Joselyne’s concern about the immediate problem of poverty rather than the potential problem of Ebola reveals an interesting—and overlooked—dynamic about the current health crisis in the Congo. Given that poverty leads both directly and indirectly to the deaths of far more people in this part of Africa than Ebola, why is the virus a focal point of attention? Why is the underlying poverty that defines so many people’s lives treated as business as usual? Is it because poverty, unlike Ebola, is not transmissible to the West?
In following Joselyne’s lead and posing these kinds of questions, I do not mean to downplay the deadly destruction that Ebola wreaks in the communities most directly affected. There is no alternate way to spin Ebola. It is a painful and highly infectious virus that kills about half of the people who contract it. Those in the midst of treatment often spend their last hours in the terrifying loneliness of an isolation ward, separated from the soothing presence of friends and family.
But what Joselyne and other Congolese people I spoke with are suggesting is that, perhaps, the framing of a health crisis as an “international emergency” does not always reflect the interests of those who are most vulnerable to it. In fact, in this case, the emergency framing may do more harm to them than good.
Although the designation of a public health situation as a “Public Health Emergency of International Concern” may prevent the transmission of a virus across national borders, it has very real—and very negative—consequences for the local people who are most at risk of contraction. Declarations of international emergency tend to impede activities that stimulate local economies. They discourage visitors and tourists to the area. More importantly, these kinds of warnings reduce international trade, which many local people rely on to survive. These situations only make locals more vulnerable to ill health. Their isolation reflects international interests, but comes at a high cost for them.
These concerns about the negative impact of closing national borders in the wake of an international emergency were made apparent last week, after Rwanda attempted to close its border with the Congo at the Goma entry point, where an estimated 50,000 people cross between countries each day. The effects were immediate and disastrous: Local people who cross the border for business or education felt panicked and confused, the prices of food in both countries skyrocketed, and international aid workers could not get into the Congo to provide important humanitarian assistance.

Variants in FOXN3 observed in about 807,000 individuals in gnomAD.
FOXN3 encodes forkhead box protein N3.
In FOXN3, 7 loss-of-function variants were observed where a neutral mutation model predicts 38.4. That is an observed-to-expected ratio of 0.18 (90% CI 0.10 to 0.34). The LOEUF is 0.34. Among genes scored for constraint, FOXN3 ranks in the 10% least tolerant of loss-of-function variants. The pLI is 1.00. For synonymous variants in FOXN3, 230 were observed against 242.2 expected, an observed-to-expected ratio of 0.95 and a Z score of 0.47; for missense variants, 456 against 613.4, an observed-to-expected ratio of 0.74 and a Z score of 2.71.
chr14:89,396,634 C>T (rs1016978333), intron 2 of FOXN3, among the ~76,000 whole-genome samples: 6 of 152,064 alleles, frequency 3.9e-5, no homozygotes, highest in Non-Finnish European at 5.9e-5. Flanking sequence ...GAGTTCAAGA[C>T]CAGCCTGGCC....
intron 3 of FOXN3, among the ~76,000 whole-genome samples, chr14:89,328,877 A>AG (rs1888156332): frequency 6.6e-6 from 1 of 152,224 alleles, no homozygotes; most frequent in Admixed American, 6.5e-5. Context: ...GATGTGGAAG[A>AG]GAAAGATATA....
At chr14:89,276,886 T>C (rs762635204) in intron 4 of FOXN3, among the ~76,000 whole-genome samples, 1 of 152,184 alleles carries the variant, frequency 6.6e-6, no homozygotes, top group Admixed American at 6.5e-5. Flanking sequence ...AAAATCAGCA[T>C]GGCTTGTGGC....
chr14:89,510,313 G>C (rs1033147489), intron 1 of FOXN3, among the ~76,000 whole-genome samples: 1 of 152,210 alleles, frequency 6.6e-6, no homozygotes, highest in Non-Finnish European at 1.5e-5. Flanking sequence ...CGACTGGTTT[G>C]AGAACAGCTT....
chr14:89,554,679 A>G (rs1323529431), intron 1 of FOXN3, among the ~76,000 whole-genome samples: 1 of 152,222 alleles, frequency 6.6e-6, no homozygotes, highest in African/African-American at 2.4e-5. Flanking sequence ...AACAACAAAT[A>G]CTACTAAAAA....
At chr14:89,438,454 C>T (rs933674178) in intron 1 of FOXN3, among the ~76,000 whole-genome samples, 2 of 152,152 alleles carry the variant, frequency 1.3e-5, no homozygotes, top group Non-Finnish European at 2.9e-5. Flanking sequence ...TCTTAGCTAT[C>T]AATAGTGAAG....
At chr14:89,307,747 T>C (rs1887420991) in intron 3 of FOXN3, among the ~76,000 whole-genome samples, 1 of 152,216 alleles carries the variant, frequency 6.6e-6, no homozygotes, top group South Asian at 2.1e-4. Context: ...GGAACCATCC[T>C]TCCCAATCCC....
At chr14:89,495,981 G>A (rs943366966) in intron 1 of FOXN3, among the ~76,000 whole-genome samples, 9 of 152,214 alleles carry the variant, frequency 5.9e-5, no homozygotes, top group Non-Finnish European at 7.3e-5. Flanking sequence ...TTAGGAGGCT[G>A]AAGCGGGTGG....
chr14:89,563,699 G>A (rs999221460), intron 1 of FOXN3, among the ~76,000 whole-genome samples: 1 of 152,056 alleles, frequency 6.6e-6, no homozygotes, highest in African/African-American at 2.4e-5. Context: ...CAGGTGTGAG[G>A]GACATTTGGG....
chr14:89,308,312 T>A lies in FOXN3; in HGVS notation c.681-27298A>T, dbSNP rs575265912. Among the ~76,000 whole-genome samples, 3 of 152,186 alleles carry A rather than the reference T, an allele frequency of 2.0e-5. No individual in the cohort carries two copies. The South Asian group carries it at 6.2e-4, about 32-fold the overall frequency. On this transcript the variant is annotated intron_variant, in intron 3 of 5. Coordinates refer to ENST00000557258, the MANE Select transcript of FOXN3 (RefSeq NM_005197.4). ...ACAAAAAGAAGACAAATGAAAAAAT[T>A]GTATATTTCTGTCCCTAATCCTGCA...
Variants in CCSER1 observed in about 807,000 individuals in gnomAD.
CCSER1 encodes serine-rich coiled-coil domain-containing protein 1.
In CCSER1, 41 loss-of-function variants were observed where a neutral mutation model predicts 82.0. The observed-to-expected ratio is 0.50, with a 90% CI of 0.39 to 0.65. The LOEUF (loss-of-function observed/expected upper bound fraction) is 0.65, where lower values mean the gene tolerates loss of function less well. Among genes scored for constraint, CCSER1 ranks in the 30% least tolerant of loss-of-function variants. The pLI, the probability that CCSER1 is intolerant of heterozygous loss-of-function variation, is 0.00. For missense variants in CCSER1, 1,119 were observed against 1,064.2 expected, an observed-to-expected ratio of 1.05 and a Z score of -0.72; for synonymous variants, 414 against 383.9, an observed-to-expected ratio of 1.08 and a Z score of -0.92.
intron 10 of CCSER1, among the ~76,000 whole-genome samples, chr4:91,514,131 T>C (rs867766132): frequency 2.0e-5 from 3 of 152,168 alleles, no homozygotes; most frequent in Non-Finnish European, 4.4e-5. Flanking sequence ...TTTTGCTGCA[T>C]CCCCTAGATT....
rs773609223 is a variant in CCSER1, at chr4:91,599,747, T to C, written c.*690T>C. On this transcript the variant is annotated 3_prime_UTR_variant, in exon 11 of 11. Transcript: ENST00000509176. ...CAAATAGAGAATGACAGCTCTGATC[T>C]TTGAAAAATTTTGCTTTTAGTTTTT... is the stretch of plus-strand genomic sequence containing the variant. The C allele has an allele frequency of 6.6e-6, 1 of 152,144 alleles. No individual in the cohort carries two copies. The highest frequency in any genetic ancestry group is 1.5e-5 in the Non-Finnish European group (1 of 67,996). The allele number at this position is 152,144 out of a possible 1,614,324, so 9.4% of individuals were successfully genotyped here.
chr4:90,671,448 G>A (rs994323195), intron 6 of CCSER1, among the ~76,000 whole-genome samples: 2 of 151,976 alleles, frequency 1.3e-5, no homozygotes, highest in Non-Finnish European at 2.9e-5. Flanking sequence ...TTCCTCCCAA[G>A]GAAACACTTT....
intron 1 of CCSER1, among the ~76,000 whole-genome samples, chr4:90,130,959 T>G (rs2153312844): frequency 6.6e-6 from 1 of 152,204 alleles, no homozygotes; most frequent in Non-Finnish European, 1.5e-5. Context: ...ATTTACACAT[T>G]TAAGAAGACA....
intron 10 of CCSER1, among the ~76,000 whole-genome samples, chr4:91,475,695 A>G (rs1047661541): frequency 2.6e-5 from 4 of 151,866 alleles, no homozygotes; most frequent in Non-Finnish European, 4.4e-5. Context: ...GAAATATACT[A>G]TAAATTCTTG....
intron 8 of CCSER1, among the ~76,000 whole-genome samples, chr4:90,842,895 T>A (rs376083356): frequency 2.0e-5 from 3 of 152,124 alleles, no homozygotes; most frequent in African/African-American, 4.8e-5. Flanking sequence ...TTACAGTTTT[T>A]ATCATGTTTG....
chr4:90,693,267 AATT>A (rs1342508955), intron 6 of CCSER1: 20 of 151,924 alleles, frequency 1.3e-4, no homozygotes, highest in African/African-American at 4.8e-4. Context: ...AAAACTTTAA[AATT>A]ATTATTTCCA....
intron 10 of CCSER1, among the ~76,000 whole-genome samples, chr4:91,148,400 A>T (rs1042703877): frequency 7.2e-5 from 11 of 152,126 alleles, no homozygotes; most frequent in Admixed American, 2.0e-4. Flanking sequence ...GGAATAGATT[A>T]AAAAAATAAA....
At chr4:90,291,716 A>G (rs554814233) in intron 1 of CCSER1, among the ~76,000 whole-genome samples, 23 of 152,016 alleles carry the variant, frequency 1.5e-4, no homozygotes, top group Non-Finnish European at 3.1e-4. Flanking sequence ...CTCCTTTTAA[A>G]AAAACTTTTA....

In fairness, the WHO was initially reluctant to declare the situation in the Congo an emergency precisely because of the economic concerns I describe above. Yet, in the global media, discussions about Ebola rarely emphasize the role of poverty. Instead, much of the focus has been on the ways that conflict in the affected regions has made treating and containing the virus a security threat as much as a public health issue, or the resistance of locals in rural areas to heeding or believing the guidance of health professionals, with deadly results.
Those are real concerns. However, highlighting them only sensationalizes the most shocking aspects of the outbreak. When global commentary of the outbreak continually focuses on the sensational, it becomes all too easy to view the Congo through Joseph Conrad’s Heart of Darkness lens. In doing so, international audiences become dehumanized from the very human impact of the outbreak on Congolese people’s lives.
Poverty may be more banal than violence, but it is just as important a factor in complicating how Ebola is treated. Poverty leads to densely populated housing and poor sanitation, which increase the spread of infectious diseases. Poverty prevents people from getting adequate nutrition, which helps fight off and lessen the potentially deadly effects of infectious illnesses. Poverty forces people into contagion zones to work, because if it comes to the decision between starving to death and potentially contracting a deadly virus, many people will choose to risk death with a full belly.
When it comes to Ebola, we ignore the risks of poverty at our own peril, and especially at the peril of those within the contagion zone. We need to take seriously the concerns of Congolese people, like Joselyne, whose poverty directs her attention to the possibility of whether she and her family will eat that night, rather than whether they will contract Ebola. If not, we remain complicit in a system of global relations that continues to privilege the lives of the advantaged few over the lives and concerns of ordinary people in Africa.